The reef looks great - a lot better than it
did after Hurricane Mitch; there's even new growth of some branch corals,"
commented Miguel Alamilla Jr., Manager of Hol Chan Marine Reserve. This was in
response to questions this week on the condition of Ambergris Caye's biggest
asset-the barrier reef.
Mr. Alamilla has performed
assessments on the lee side of the island, Bacalar Chico and Hol Chan Marine
Reserve since the hurricane. He stated overall damage was minimal. From his
accounts, in the fore reef, the hill and valley part where most of the diving
takes place, visibility was at about 50 feet, two weeks after the storm. Further
information learned from more recent divers say that visibility has greatly
improved since then. The reserve manager then explained he saw new colonies of
stag horn coral with about one foot of growth in spots where it had been
obliterated by Hurricane Mitch just two years ago. This was encouraging, since
stag horn and elk horn, both branch corals, are very fragile with stag horn
being almost an endangered species. Mr. Alamilla continued saying that the fish,
sharks and rays have not decreased in numbers, stating he observed a Jew Fish in
the reserve just the day before, a rare sighting. He noticed a significant
amount of sand erosion in the Bacalar Chico National Park, (a World Heritage
Site). He explained this was due to storm surge as well as the damage to soft
corals located there, such as the uprooted sea fans and plumes.
Speaking specifically about Hol Chan (Mayan for "little channel")
reserve, Mr. Alamilla said he had done an assessment about a month ago. He
noticed more damage was done by a boat breaking up, approximately 400 meters
north of the cut. The manager explained that a 40 foot catamaran that had been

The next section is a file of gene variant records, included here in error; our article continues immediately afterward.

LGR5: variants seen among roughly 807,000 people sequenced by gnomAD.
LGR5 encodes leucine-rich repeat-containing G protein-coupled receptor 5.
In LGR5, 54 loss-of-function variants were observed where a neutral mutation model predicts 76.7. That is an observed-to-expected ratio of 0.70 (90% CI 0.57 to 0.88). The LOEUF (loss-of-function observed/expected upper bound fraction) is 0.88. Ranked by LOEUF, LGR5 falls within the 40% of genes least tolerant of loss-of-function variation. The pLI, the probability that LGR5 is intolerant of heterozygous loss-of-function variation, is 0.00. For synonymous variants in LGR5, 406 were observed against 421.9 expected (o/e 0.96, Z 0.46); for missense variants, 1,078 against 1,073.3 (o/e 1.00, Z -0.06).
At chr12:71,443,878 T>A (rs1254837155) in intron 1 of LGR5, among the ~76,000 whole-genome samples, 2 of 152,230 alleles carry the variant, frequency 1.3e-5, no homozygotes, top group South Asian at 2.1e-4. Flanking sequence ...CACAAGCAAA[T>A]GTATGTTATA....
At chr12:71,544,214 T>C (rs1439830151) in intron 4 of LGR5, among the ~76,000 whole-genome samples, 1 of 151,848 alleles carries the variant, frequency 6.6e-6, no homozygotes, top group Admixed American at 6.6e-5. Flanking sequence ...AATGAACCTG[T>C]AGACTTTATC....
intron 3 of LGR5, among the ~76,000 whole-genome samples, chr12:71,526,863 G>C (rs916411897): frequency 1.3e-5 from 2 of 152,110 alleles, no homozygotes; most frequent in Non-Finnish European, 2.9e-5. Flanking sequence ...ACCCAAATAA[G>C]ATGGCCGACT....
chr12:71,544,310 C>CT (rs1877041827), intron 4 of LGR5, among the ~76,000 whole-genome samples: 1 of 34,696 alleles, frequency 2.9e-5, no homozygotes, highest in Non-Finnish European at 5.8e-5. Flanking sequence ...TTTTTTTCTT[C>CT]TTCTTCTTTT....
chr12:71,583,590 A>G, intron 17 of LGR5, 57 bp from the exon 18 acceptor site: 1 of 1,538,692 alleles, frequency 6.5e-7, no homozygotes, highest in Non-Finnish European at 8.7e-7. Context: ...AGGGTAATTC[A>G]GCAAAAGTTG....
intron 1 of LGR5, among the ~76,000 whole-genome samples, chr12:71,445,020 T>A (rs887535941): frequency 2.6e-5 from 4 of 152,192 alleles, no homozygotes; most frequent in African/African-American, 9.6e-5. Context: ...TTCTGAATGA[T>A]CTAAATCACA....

anchored south of the island in Boca Chica was dragged by the hurricane to the
point mentioned. "This boat broke apart on the reef, damaging more coral than
the storm," he commented.
The fact that Hurricane Keith
came from the back side of the island had adverse effects on that side of the
island. This area of reef is obviously much more shallow and therefore the
corals were affected from the wave action. Mr. Alamilla stated that the surge
overturned boulder corals which is a feat in itself. He observed several broken
elk horn corals as well. When questioned on the state of the mangrove, the
manager commented that those in the reserve would recover sooner than the ones
in the San Pedrito area which were heavily damaged.
Chan personnel are currently trying to catch up from the set backs incurred by
Hurricane Keith. The roof of their office building was destroyed which damaged
many of their files, posters and their Visitor's Center. Additionally, three
boats and engines were damaged and their dock needed replaced. Problems with
their only computer added to their challenges, but they have tackled tasks one
by one and things are finally being restored to normal. Part of this restoration
is being funded by grants from Oak Foundation of the US and the World Wildlife
Fifty new mooring buoys complete with shackles and
ropes have been purchased through a grant from Project Aware, sponsored by the
Professional Association of Diving Instructors (PADI). Placement of these buoys
is being coordinated with the help of the San Pedro Tour Guide Association. Part
of these are replacing old mooring buoys and some are being installed in new
locations. Six additional buoys will join the existing six at Shark/Ray Alley
totaling twelve new buoys at this popular reserve attraction. Marking buoys that
designate reserve boundaries are also being replaced.
if this were not enough, Hol Chan continues to assess the Marine Reserve, zoning
it into smaller measured sections and assessing it in more detail. They have
already cleared the reef of three boats full of garbage and debris. The staff
has also created a new brochure with the aid of a grant from the World
Conservation Union, who have also funded new information booklets (still in
draft stage) to be used by local tour guides.
Besides the manager, Hol Chan's staff consists of
three rangers, Edgar Badillo, Grimaldo Acosta and Antonio Calderon; Biologist/
Peace Corp volunteer Brandon Kitawaga and Administrative Assistant Heider Perez.
Hol Chan continues to work hard preserving their part of one of Belize's most
precious natural resources. Anyone wishing to offer assistance, may contact them
at (501) 26-2247, fax 26-2420 or e-mail firstname.lastname@example.org.